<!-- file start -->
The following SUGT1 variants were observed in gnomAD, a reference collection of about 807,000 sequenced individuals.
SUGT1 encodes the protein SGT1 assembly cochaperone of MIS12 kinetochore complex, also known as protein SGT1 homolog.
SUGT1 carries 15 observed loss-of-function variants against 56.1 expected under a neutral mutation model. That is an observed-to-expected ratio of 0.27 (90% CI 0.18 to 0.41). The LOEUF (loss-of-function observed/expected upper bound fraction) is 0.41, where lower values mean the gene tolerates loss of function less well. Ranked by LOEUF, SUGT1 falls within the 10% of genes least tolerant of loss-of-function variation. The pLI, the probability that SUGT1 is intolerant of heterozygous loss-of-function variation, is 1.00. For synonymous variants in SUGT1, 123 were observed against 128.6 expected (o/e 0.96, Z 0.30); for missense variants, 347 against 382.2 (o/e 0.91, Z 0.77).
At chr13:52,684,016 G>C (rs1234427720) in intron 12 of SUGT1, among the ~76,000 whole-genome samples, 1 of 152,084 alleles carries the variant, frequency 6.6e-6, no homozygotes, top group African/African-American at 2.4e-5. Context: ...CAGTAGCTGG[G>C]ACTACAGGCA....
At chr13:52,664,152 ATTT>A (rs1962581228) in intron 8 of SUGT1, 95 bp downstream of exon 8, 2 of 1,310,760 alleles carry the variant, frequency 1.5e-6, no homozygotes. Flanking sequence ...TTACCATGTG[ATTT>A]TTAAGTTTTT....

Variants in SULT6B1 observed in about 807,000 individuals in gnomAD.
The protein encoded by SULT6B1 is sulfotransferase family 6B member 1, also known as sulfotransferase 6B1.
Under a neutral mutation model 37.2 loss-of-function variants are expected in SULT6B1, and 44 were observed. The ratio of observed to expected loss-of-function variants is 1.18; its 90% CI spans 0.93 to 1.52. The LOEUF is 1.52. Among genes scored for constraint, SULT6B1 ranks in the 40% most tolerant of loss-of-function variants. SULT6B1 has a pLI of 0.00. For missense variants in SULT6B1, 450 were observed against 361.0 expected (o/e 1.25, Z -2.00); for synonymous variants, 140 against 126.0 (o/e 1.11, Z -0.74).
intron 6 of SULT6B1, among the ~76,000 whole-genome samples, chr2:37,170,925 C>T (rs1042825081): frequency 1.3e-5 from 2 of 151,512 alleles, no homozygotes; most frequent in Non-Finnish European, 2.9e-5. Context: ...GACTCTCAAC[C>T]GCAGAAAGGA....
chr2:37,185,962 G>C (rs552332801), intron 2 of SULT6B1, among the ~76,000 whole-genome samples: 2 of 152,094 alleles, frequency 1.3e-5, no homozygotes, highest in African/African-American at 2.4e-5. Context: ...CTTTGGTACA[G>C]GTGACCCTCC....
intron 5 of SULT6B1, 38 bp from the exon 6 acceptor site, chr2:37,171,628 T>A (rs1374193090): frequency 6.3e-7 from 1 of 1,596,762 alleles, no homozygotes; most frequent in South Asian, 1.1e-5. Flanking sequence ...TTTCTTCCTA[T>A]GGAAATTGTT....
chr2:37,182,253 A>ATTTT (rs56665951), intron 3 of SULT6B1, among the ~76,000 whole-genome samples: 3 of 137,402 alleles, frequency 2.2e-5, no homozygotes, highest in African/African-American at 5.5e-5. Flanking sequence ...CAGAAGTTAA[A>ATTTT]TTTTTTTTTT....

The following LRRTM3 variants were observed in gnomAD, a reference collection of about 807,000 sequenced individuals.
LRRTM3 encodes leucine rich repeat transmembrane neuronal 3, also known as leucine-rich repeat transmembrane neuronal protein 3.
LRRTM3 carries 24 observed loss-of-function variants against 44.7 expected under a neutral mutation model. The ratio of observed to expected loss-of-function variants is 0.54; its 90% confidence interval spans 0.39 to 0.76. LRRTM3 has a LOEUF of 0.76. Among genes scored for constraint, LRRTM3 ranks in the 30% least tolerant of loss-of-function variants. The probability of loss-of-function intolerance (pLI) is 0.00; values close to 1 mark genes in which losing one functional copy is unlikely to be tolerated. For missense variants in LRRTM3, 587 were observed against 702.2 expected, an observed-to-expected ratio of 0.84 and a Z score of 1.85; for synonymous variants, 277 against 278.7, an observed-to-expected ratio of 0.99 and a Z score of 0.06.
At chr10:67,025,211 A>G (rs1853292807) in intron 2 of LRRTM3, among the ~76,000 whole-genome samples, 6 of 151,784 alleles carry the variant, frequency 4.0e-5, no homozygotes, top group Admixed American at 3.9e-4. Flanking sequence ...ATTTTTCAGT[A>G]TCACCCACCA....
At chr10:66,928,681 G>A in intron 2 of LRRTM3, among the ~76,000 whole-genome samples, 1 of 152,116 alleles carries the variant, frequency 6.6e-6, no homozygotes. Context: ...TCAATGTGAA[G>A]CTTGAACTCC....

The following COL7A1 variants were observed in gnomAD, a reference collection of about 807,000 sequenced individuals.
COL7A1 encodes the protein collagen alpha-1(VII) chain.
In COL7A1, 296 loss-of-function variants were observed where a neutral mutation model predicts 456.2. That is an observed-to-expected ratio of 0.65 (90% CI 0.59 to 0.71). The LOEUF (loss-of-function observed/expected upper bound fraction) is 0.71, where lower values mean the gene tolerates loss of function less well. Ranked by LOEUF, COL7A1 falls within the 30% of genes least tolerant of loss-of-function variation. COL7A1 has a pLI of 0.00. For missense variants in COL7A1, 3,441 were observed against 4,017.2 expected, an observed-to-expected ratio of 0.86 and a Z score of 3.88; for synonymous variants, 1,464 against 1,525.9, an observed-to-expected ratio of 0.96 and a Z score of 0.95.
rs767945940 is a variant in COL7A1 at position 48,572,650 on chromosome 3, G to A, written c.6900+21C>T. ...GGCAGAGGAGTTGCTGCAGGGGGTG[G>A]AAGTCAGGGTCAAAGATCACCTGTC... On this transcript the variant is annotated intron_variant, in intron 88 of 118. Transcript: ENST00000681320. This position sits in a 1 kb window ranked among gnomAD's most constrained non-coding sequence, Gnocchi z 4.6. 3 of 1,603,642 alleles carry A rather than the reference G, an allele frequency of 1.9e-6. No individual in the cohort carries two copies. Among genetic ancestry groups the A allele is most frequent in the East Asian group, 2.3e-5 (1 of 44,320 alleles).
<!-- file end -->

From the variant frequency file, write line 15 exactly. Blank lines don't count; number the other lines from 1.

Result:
LRRTM3 carries 24 observed loss-of-function variants against 44.7 expected under a neutral mutation model. The ratio of observed to expected loss-of-function variants is 0.54; its 90% confidence interval spans 0.39 to 0.76. LRRTM3 has a LOEUF of 0.76. Among genes scored for constraint, LRRTM3 ranks in the 30% least tolerant of loss-of-function variants. The probability of loss-of-function intolerance (pLI) is 0.00; values close to 1 mark genes in which losing one functional copy is unlikely to be tolerated. For missense variants in LRRTM3, 587 were observed against 702.2 expected, an observed-to-expected ratio of 0.84 and a Z score of 1.85; for synonymous variants, 277 against 278.7, an observed-to-expected ratio of 0.99 and a Z score of 0.06.